Discover how to measure battery state-of-charge and what future developments may bring.
The life of a battery cannot be defined by the number of cycles or age, but how the battery is used. As the capacity fades, the discharge time gets shorter. The smart battery captures the changes but these vital health statistics remain hidden from the user. This turns a battery into a “black box,” concealing the performance records and disguising when the battery should be replaced.
One of the main tasks of the smart battery is to establish communication between the battery and the user. A fuel gauge indicating state-of-charge fulfills part of this effort. When pressing the TEST button on a fully charged SMBus battery, all signal lights illuminate. On a partially discharged battery, half the lights illuminate, and on an empty battery all lights remain dark or a red light appears. Figure 1 shows a fuel gauge of a battery that is 75 percent charged, with three lights glowing.
Figure 1: State-of-charge readout of a “smart” battery
Signal lights indicate the battery SoC when pressing the TEST button.
Courtesy of Cadex
While the SoC information displayed on a battery or a display screen is helpful to the user, the readout does not guarantee the expected runtime. The fuel gauge resets to 100 percent on a full recharge regardless of how much capacity the battery can store. A serious miscount occurs if an aged battery shows 100 percent SoC while the battery’s ability to hold charge has dropped to 50 percent or less. We ask, “100 percent of what?” If, for example, 100 percent of a good battery results in a four-hour runtime, a battery holding half the capacity would run for only two hours. The user should know that the fuel gauge only shows SoC; capacity, the leading health indicator, remains unknown.
Other than doing a full discharge with a controlled current and measuring time, there is no reliable method to calculate the state-of-health (SoH) of a battery. A full discharge is normally done as part of a planned maintenance and calibration procedure by removing the battery from the device. However, there is a digital way to estimate the capacity of a smart battery on the fly, and many systems offer this feature.
At time of manufacture, the SMBus battery is programmed with a specified capacity, which is 100 percent by default, and the battery keeps this information as permanent data. With each full charge, the battery resets to the charge flag; and during discharge the coulomb counter measures the consumed energy. A perfect battery would deliver 100 percent on a calibrated fuel gauge. As the battery ages and the capacity drops, the delivered energy between charges decreases. The discrepancy between the factory-set 100 percent and the delivered coulombs after a full charge can thus determine the battery capacity.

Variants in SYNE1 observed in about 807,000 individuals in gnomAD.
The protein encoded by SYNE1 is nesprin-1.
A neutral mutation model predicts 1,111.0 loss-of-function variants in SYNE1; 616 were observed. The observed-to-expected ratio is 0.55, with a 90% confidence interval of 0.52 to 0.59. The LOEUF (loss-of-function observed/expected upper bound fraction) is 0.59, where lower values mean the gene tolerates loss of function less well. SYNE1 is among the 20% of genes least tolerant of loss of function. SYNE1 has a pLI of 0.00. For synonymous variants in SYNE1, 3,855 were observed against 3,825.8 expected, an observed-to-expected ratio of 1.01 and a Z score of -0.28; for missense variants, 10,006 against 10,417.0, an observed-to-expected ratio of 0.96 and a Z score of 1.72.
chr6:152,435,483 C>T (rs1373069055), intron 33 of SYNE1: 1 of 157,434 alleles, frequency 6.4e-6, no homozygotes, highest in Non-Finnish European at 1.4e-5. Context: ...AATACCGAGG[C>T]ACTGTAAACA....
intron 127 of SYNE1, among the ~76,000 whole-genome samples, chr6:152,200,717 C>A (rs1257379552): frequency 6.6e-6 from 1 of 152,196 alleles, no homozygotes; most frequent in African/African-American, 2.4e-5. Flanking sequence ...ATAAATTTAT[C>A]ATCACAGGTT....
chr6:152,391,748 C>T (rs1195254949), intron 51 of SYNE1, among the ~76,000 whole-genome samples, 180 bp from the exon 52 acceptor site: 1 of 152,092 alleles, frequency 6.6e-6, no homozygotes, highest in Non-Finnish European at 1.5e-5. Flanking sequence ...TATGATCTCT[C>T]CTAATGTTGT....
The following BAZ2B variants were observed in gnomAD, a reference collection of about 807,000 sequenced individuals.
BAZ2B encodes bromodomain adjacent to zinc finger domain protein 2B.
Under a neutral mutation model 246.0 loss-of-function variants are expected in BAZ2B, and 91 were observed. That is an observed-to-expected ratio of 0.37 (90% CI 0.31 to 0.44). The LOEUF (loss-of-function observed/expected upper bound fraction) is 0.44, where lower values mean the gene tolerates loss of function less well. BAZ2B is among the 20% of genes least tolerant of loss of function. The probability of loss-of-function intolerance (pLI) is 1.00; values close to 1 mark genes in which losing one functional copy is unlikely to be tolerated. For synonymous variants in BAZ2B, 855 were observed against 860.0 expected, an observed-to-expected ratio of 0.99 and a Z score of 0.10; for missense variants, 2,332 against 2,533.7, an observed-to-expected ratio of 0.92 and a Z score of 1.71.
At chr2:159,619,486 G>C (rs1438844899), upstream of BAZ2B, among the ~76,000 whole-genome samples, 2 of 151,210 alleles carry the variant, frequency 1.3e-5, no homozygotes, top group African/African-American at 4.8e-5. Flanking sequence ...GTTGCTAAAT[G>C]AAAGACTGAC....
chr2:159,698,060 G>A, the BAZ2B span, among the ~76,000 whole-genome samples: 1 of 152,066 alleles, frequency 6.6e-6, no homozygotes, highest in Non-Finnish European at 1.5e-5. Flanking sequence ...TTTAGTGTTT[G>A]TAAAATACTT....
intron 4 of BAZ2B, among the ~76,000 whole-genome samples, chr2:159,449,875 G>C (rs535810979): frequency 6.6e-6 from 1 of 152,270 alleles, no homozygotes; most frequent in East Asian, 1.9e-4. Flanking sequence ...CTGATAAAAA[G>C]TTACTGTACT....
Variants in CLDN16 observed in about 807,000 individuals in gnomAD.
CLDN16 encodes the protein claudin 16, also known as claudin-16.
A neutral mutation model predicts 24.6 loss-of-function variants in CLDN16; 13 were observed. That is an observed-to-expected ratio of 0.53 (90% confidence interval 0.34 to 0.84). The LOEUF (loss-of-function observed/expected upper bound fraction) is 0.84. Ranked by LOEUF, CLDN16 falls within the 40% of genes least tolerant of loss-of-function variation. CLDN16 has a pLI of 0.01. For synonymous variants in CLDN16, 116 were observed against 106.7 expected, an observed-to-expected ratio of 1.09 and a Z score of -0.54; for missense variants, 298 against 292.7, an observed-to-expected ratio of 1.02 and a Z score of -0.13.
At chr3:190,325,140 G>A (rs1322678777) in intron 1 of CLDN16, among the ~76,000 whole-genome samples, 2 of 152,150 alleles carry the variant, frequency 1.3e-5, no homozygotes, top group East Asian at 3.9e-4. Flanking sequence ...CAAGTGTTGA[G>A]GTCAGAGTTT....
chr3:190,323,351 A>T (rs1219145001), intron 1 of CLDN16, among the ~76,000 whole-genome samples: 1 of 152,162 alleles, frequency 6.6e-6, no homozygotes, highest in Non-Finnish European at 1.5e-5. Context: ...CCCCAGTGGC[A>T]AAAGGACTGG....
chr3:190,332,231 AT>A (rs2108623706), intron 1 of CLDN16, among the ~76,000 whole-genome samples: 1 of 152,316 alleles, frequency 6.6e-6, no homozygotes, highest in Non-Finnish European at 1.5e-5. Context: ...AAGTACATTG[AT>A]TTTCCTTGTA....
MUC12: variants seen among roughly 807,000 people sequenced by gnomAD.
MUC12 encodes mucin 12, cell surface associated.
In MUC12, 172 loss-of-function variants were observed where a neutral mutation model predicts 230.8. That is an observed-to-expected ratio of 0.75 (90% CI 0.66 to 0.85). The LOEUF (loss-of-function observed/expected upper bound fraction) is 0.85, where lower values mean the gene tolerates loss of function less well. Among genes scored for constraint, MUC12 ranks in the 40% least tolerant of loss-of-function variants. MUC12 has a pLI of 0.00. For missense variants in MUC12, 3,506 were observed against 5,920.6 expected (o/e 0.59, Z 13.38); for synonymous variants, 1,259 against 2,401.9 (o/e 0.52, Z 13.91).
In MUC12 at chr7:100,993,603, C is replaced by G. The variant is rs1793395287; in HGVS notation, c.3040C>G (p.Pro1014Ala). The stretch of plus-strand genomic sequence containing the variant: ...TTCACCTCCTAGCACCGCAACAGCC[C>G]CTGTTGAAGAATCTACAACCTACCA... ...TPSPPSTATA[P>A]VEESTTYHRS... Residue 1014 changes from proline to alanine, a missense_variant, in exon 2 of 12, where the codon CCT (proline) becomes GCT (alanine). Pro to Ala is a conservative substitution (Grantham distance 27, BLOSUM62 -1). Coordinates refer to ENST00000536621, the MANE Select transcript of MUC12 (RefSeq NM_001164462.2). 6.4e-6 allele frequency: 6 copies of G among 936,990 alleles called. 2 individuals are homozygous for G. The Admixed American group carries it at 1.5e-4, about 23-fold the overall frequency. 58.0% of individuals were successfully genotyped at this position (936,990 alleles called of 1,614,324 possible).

Coulomb counting can also estimate SoH during charging, and this works best with a fully discharged battery. A battery with a 100 percent capacity will receive the full coulomb-count; one with only 50 percent will accept only half the coulomb count before the battery reaches full-charge because there is less to fill. Inaccuracies occur by not knowing the exact state-of-charge (SoC) at the beginning of the coulomb count and the open circuit voltage (OCV) measurement only gives a rough estimation. Temperature and deployed cathode material in Li-ion also affects the OCV.
The SoC and capacity information can be shown on a linear display using colored LEDs. The green lights indicate the usable capacity; the empty part of the battery is marked with dark LEDs; and the unusable part is shown with red LEDs. Figure 2 illustrates a tri-state fuel gauge. Alternatively, the results can be a shown on a digital display.
Figure 2: Tri-state fuel gauge.The tri-state fuel gauge reads the “learned” battery information on the SMBus and displays it on a multi colored LED bar. The illustration shows a partially discharged battery of 50% SoC with 20% empty and 30% unusable.
Courtesy of Cadex
Installed in an SMBus charger or the battery pack, the tri-state fuel gauge provides state-of-function (SoF), the ultimate battery diagnostics. SoF gives the battery user a clear indication of SoC and when to retire a pack based on the encroaching unusable part that is growing with usage and age.
Device manufacturers are hesitant to install SoF into a consumer device that is readily accessible by the user. This is understandable because a battery ages, even during the warranty period, and the user would press for a new battery before the warranty expires. Device manufacturer are obliged to furnish a replacement battery if the capacity drops below 80 percent. Keeping this information hidden is seen as least disruptive. If made available, SoF would in most cases only be accessible by service personnel.
Cars with electric propulsion systems use advanced fuel-gauge technologies to determine the state-of-charge and state-of-function of the battery. The challenge is in knowing how far a vehicle can travel with a fully charged battery in various ambient conditions. A tailwind on a sunny day is more forgiving than a headwind with snow. The aging of a battery adds to the challenge and the fuel gauge loses accuracy over time. Showing 30 minutes of remaining runtime and then shutting down, as is common with laptops, will not be easily forgiven with the electric vehicle.
Last updated 2015-05-21
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